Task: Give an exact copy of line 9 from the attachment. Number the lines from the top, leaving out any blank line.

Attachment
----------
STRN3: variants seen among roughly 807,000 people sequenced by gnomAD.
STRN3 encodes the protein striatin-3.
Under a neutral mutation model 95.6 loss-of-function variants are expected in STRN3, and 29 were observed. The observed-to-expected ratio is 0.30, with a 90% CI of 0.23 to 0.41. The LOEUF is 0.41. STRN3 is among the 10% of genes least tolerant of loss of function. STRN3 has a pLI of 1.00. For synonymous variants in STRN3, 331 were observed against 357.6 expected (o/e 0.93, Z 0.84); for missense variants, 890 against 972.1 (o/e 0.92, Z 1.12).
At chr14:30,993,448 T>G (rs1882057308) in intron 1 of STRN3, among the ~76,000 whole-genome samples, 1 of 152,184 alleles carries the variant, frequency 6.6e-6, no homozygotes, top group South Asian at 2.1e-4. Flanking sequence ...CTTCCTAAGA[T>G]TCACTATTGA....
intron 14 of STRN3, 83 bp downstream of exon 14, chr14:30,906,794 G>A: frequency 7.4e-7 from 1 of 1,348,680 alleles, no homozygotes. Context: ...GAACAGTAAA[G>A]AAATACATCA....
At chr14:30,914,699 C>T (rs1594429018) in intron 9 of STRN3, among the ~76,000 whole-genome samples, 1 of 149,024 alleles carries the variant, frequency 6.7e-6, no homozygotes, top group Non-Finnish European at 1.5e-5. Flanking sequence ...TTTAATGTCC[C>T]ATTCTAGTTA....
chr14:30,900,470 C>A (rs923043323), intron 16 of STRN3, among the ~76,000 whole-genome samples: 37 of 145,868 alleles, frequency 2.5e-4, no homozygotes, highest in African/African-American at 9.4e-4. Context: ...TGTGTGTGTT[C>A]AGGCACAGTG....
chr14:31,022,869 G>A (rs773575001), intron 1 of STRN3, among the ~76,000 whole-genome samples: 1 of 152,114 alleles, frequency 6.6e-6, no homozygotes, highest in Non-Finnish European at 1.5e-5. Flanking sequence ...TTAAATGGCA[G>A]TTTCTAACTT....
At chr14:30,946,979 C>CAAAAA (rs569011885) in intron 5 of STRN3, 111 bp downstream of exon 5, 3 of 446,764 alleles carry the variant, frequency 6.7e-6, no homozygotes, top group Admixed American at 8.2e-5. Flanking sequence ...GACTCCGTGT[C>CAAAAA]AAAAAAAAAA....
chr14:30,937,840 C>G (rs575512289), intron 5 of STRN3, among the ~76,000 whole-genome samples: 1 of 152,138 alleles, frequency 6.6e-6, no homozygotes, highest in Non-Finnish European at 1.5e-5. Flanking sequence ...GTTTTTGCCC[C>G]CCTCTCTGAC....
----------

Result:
At chr14:30,946,979 C>CAAAAA (rs569011885) in intron 5 of STRN3, 111 bp downstream of exon 5, 3 of 446,764 alleles carry the variant, frequency 6.7e-6, no homozygotes, top group Admixed American at 8.2e-5. Flanking sequence ...GACTCCGTGT[C>CAAAAA]AAAAAAAAAA....